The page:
The highlight of the day was a Red Kite over the top of us at 08:30, half way through the session. DK took a rather good photo of it and we may be able to add it later.
DK's shot of today's Red Kite - wing tags indicate it was taken to W. Yorkshire in 2000 as a chick from the Chilterns programme - or hatched there [Right pink, Left orange]
Meanwhile ...
A different sort of 'kite' soon after - from the local airstrip

The full total was 17 new and 11 re-traps:
"Whoops. Dead end!" Juvenile Blue Tit.
Blue Tit (1)
Gt. Tit 1 (3)
Juvenile Long-tailed Tit. Note reddish-purple eye ring
Long-tailed Tit 1
Chiffchaff 1
Blackcap 2
Garden Warbler 3 (1)
Whitethroat 1
Male Reed Warbler - 2nd calendar year. Note dull eye colour.
Reed Warbler 2
Blackbird 1
Robin 1 (1)
Juvenile Dunnock showing 'orange' gape flanges
Dunnock 2 (2)
Chaffinch 1
Greenfinch 1
Bullfinch (2)
Male Bullfinch in 2nd calendar year (re-trap)

The oldest birds today were a male Dunnock ringed as a 3 (1st yr) in August 2006 and a male Garden Warbler ringed as an adult in May 2008. The juvenile Blue Tit was ringed in a box elsewhere in the park , whereas the Great Tits all came from a nearby box.

Sunday, 6 June 2010

Hopping through the grass

Hopping through the wet grass, I put up a net at Sandy Smith Nature Reserve and caught 7 new birds. 1 dunnock, 5 whitethroat (see photograph below)...

... and one Grasshopper Warbler.

More photographs on

Saturday, 5 June 2010

Quick 'n easy

Today, Ed and I set up at the "crescent" reed-bed; that is, on two sides, not through the middle.

Above: The 'ringing station'.

Not a bad morning 'cos we were all done by 9 o'clock.

20 birds in 3 hours is, for us, a good result. As 12 of the birds were Reed Warblers (see photograph below), extraction was "a piece of cake".

Many of the female reed warblers were showing signs of being in egg. Going by this evidence, it will be a short while yet before we catch the first fledgeling Reed Warblers.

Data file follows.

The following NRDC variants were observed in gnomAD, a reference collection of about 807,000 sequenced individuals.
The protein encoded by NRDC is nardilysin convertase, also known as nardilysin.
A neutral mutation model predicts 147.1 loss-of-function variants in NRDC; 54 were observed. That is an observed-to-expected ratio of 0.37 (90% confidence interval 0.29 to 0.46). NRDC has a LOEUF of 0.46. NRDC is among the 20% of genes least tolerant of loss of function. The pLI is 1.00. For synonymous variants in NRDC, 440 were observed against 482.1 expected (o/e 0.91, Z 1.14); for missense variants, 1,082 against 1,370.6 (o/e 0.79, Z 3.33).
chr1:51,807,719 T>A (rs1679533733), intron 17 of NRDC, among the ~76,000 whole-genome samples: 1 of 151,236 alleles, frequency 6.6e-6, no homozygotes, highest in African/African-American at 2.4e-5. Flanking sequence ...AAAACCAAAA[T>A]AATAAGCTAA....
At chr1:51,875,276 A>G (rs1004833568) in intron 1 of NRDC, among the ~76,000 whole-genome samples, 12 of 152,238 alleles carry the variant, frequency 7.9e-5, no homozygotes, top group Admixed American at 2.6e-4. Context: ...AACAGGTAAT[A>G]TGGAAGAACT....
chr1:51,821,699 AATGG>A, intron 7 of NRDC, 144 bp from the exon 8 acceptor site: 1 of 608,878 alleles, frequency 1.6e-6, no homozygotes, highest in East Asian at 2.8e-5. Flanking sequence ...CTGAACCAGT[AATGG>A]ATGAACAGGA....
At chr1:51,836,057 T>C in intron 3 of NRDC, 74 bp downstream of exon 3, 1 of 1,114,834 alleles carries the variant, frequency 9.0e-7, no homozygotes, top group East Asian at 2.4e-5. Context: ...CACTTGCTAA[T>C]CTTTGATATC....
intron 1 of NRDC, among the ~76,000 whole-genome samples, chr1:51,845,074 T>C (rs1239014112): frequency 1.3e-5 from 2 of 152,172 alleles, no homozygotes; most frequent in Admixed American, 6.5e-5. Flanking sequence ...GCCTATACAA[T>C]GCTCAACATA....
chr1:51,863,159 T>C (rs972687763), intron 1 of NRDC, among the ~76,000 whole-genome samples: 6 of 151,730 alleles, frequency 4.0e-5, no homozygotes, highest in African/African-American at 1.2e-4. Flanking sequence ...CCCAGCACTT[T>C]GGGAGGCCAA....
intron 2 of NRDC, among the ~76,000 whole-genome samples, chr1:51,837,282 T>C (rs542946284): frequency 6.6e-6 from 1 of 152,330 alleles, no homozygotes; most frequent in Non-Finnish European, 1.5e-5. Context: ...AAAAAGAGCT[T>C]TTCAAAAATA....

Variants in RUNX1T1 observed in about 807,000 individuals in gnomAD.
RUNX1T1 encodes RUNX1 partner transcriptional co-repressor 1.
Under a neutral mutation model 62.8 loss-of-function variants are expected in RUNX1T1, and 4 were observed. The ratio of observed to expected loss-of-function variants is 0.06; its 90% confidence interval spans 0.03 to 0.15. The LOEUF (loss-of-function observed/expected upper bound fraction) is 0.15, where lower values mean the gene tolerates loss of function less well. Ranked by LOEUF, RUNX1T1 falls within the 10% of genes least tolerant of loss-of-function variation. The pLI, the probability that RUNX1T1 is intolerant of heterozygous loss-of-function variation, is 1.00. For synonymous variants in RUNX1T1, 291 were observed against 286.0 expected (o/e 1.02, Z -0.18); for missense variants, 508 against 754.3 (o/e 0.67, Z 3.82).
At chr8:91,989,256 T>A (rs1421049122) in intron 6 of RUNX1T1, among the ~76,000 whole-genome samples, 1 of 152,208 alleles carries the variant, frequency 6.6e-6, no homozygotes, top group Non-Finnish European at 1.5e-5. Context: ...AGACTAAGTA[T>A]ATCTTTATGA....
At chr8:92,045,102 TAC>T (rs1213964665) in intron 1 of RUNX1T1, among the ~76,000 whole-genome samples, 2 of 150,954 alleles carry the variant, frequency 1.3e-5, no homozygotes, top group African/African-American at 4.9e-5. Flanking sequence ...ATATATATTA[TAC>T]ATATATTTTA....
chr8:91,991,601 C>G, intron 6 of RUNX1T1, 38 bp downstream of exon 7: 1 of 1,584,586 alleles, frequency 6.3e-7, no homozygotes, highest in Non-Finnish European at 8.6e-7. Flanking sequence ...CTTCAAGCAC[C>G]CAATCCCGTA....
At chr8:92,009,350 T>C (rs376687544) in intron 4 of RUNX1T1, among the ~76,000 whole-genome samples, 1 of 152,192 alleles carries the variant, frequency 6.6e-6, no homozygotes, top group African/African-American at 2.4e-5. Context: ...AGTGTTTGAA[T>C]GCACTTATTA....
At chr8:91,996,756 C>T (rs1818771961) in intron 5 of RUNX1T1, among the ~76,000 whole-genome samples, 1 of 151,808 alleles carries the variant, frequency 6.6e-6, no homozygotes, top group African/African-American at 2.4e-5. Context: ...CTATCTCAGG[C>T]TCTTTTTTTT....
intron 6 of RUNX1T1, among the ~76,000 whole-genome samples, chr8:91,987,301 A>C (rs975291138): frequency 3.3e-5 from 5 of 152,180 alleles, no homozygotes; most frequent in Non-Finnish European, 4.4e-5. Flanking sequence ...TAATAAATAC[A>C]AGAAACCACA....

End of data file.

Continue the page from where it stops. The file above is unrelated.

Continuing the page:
Other birds around were -
Mr & Mrs Swan (she's "orange 500") and their 6 cygnets (that we'll deal with when they're a bit bigger),

a Kingfisher over the net here and a Turtle Dove purring away in this willow alongside the net,

and a very vocal Reed Bunting that eventually got fed up singing to itself and took the wrong turning for breakfast/elevenses.

In all, we caught just 8 new birds and a dozen re-traps, of which 2 were 'new-for-year'.
Chiffchaff 1 - a 2CY female nesting nearby
Blackcap (1) - a male caught as a juvenile in June 2008
Reed Warbler (today's target) 5 (7) - oldest was a 2006 bird
Wren 1 - a new 2CY female
Dunnock 1 (2)
Chaffinch (1) - a 2CY male
Reed Bunting (1) - the 2CY male.

Above & Below: These photographs show the same male blackcap.

A brood patch is where adults loose their 'belly' feathers and blood vessels engorge and come to the surface of the skin to enable heat transfer from the adults to eggs & young.

In the photograph below, the male blackcap is shown with a false brood patch. Sometimes, males are known to help with the 'sitting on the nest' duties. In other species where male and female are hard to tell apart, the false brood patch of a male can easily be mistaken for the brood patch of a female (such as the Garden Warbler). This was an easy one though!

In the immediate area, birds that we saw making use of the main lake-side airspace included Greylag (uncommon here), Common Tern (starting to fish more earnestly; family duties?), Swift (much fewer than last week-end), Cuckoo, Gt. Spotted Woodpecker, Common Whitethroat, a party of Long-tailed Bushtits (working their way over the nesting Reed Warblers) and a pair of Goldfinch.